College Corner: How SB 206 changes California college athletics

Paying NCAA student-athletes has been a hot button issue for years, and California is at the forefront of changing the conversation.

However, Long Beach State Athletic Director Andy Fee hasn’t been shy about his opposition to SB 206. The California Senate Bill 206, which Gov. Gavin Newsom signed into law on Sept. 30, will allow NCAA student-athletes to profit off their name, image or likeness.

Other states have proposed similar measures in order to pressure the NCAA into changing its bylaws. SB 206 will go into effect on Jan. 1, 2023, when the NCAA will no longer be able to punish a California university if its student-athletes are compensated. Student-athletes will also be able to hire an agent while in school.

Fee has expressed his concern in national publications that this law is not how to resolve the issue. On Monday, he responded with an official statement.

“We hope that an ongoing effort to make adjustments to NCAA name, image and likeness rules will ultimately lead to a more robust experience for our student-athletes, while not changing our core mission,” he wrote.

Fee isn’t the only one concerned with the repercussions. The University of California, California State University, USC and other major universities have all come out in opposition to the bill because they believe it will increase compliance costs.

Fee has been quoted on this issue in the New York Times, Los Angeles Times and elsewhere but was much more candid when interviewed him last week on their podcast.

“It’s a substantial departure from where we currently reside in collegiate athletes,” Fee said. “I believe SB 206 will have some negative consequences. I’ve used the analogy of playing Monopoly. Right now you have everyone playing the same rules. With SB 206, we’re sitting at the board with two sets of rules. In that case, how is anyone playing with any standard of fairness or equity? That’s the scary part of doing this at the state legislature level.”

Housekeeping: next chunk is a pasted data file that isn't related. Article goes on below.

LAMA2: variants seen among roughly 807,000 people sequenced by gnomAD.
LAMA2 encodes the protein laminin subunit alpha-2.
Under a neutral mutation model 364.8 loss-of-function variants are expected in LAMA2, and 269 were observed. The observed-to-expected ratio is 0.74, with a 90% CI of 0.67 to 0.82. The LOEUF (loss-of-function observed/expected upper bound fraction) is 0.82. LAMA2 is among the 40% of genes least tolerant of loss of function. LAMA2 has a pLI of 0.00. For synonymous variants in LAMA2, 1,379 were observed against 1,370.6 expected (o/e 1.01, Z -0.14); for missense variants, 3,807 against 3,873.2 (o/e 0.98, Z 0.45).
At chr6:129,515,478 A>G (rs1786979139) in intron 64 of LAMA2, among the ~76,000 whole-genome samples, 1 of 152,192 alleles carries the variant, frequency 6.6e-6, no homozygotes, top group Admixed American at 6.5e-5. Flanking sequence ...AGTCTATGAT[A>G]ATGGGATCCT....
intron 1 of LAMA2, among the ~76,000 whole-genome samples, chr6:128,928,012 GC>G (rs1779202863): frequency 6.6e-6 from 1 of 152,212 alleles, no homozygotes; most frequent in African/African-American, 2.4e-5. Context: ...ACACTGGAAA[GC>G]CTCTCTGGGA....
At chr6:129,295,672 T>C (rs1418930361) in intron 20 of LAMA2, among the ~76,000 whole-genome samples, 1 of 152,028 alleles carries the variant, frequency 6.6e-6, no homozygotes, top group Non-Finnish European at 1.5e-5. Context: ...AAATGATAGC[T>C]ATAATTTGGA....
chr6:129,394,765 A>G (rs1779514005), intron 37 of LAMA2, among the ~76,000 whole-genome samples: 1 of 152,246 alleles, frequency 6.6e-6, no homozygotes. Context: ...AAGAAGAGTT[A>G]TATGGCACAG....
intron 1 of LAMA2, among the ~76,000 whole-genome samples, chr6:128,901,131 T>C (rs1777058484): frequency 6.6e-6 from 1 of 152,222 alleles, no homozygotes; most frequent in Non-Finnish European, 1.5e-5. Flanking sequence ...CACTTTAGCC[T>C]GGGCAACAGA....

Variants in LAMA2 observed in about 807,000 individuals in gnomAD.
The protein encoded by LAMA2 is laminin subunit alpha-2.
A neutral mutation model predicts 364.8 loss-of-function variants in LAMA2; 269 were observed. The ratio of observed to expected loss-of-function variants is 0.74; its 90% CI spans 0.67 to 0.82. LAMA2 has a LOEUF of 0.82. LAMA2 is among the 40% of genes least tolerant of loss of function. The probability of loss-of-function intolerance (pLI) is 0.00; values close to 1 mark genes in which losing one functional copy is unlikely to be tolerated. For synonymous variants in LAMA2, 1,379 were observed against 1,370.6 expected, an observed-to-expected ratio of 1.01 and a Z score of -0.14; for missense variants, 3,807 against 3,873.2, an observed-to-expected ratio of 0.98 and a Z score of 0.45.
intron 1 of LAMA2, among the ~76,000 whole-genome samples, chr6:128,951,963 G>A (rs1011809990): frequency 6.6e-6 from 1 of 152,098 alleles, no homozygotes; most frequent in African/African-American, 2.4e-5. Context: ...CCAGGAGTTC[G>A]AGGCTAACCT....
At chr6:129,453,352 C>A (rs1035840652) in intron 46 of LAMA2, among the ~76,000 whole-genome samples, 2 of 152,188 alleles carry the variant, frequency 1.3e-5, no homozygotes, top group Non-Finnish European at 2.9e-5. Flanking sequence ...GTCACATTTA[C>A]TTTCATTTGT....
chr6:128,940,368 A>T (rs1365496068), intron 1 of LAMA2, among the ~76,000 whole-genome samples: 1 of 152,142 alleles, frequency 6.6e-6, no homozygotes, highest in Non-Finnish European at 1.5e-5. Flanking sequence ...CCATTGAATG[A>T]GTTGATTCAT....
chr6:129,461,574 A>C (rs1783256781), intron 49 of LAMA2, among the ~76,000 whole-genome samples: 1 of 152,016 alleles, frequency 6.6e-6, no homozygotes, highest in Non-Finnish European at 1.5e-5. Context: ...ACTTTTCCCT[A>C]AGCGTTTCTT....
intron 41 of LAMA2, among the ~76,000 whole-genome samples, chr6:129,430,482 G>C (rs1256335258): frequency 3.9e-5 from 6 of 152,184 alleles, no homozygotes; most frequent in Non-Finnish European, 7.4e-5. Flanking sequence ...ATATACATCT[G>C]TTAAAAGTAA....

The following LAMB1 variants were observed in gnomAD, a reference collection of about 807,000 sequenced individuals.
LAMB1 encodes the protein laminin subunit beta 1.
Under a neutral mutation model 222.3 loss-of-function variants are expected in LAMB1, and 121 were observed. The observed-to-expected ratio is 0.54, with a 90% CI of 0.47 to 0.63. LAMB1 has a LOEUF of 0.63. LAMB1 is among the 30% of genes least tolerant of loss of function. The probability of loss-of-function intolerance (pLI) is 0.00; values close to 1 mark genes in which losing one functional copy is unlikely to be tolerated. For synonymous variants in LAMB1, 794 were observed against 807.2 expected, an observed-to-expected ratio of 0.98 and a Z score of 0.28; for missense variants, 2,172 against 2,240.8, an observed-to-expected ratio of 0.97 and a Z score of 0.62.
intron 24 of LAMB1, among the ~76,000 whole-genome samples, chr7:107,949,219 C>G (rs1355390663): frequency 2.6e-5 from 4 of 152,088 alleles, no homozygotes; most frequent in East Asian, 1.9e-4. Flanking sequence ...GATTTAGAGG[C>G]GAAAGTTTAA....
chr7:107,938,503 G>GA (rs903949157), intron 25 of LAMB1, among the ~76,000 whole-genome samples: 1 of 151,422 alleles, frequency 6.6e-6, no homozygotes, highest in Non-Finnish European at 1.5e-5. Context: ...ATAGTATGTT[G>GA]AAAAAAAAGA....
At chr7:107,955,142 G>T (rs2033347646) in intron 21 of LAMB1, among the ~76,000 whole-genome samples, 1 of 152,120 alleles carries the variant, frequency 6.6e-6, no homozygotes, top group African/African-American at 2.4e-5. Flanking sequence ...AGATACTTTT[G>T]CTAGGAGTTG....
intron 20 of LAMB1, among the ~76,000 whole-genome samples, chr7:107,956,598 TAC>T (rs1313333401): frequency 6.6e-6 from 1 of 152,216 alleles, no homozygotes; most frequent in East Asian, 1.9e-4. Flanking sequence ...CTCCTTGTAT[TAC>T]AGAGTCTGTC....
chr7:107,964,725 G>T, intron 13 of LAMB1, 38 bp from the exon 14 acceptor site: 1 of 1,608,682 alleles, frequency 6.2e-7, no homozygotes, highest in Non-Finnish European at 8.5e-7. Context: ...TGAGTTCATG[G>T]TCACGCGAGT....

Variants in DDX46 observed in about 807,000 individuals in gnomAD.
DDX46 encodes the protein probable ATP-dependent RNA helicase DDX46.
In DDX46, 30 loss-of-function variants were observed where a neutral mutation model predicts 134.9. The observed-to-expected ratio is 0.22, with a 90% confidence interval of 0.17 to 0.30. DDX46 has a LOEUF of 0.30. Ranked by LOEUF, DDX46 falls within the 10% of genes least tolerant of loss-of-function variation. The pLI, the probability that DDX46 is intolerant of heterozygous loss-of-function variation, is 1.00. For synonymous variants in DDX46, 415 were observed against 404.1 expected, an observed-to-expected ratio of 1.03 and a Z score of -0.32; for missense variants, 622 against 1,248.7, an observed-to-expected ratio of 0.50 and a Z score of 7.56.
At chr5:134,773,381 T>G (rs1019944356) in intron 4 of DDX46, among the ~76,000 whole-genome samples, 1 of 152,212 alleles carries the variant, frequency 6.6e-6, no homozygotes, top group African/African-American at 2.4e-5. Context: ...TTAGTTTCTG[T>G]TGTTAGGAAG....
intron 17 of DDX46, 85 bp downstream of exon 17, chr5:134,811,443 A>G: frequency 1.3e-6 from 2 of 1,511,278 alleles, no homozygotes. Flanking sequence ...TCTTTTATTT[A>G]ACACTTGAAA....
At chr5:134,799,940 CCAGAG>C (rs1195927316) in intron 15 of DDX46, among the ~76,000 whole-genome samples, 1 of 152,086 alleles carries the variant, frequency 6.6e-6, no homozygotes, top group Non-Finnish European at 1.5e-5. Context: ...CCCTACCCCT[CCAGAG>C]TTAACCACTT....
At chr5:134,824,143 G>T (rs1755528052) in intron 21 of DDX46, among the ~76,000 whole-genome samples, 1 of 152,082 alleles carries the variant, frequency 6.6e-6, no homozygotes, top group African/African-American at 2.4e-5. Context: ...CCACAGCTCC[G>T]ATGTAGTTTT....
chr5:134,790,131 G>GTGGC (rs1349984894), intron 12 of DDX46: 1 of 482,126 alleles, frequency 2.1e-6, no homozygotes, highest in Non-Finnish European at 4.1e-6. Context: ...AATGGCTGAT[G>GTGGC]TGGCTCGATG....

Women’s Volleyball

Long Beach volleyball legend, and current Long Beach City College coach, Misty May-Treanor added another hall of fame to her already impressive resume last month. The three-time Olympic gold medalist has been inducted into the Long Beach Century Club Hall of Fame, the Long Beach State Hall of Fame, the Newport Harbor Hall of Fame, the International Volleyball Hall of Fame and the Southern California Volleyball Hall of Fame over the last several years.

Now, May-Treanor will become a member of the newly-revived United States Olympic & Paralympic Hall of Fame during a November ceremony in Colorado Springs.

“I’m truly humbled, words can’t express,” May-Treanor said. “I can’t believe I’ll be standing among the greatest athletes in the world. I never played this sport for the money or the accolades—I love it. I wish I could still play today, but my body said no.”